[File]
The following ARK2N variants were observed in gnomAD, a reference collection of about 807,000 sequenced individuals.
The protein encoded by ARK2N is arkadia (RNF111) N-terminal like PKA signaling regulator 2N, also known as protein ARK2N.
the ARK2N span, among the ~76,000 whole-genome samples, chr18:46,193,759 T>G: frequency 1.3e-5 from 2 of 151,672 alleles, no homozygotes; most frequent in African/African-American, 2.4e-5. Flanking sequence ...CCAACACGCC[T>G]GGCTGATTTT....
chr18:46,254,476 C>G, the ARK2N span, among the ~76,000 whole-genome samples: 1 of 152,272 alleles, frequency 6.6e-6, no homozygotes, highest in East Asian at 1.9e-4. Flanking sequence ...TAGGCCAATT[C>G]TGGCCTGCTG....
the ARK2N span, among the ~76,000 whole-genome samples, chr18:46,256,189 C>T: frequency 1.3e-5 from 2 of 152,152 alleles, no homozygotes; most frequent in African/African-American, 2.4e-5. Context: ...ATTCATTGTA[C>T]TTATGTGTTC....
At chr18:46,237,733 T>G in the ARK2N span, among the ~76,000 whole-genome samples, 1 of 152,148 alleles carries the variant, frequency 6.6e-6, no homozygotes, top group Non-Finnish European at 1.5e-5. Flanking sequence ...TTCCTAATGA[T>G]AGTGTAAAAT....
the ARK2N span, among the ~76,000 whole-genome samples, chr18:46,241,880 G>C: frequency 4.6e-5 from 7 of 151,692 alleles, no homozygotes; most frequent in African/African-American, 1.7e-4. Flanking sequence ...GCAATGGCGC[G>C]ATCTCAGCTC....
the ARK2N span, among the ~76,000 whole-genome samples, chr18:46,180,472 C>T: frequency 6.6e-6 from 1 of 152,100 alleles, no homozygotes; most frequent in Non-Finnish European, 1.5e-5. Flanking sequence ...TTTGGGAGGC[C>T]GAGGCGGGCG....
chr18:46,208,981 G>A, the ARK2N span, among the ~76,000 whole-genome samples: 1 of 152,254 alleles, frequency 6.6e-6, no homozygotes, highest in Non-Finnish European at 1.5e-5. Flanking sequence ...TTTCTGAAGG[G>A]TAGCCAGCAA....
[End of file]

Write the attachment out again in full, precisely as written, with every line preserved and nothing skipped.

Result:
The following ARK2N variants were observed in gnomAD, a reference collection of about 807,000 sequenced individuals.
The protein encoded by ARK2N is arkadia (RNF111) N-terminal like PKA signaling regulator 2N, also known as protein ARK2N.
the ARK2N span, among the ~76,000 whole-genome samples, chr18:46,193,759 T>G: frequency 1.3e-5 from 2 of 151,672 alleles, no homozygotes; most frequent in African/African-American, 2.4e-5. Flanking sequence ...CCAACACGCC[T>G]GGCTGATTTT....
chr18:46,254,476 C>G, the ARK2N span, among the ~76,000 whole-genome samples: 1 of 152,272 alleles, frequency 6.6e-6, no homozygotes, highest in East Asian at 1.9e-4. Flanking sequence ...TAGGCCAATT[C>G]TGGCCTGCTG....
the ARK2N span, among the ~76,000 whole-genome samples, chr18:46,256,189 C>T: frequency 1.3e-5 from 2 of 152,152 alleles, no homozygotes; most frequent in African/African-American, 2.4e-5. Context: ...ATTCATTGTA[C>T]TTATGTGTTC....
At chr18:46,237,733 T>G in the ARK2N span, among the ~76,000 whole-genome samples, 1 of 152,148 alleles carries the variant, frequency 6.6e-6, no homozygotes, top group Non-Finnish European at 1.5e-5. Flanking sequence ...TTCCTAATGA[T>G]AGTGTAAAAT....
the ARK2N span, among the ~76,000 whole-genome samples, chr18:46,241,880 G>C: frequency 4.6e-5 from 7 of 151,692 alleles, no homozygotes; most frequent in African/African-American, 1.7e-4. Flanking sequence ...GCAATGGCGC[G>C]ATCTCAGCTC....
the ARK2N span, among the ~76,000 whole-genome samples, chr18:46,180,472 C>T: frequency 6.6e-6 from 1 of 152,100 alleles, no homozygotes; most frequent in Non-Finnish European, 1.5e-5. Flanking sequence ...TTTGGGAGGC[C>T]GAGGCGGGCG....
chr18:46,208,981 G>A, the ARK2N span, among the ~76,000 whole-genome samples: 1 of 152,254 alleles, frequency 6.6e-6, no homozygotes, highest in Non-Finnish European at 1.5e-5. Flanking sequence ...TTTCTGAAGG[G>A]TAGCCAGCAA....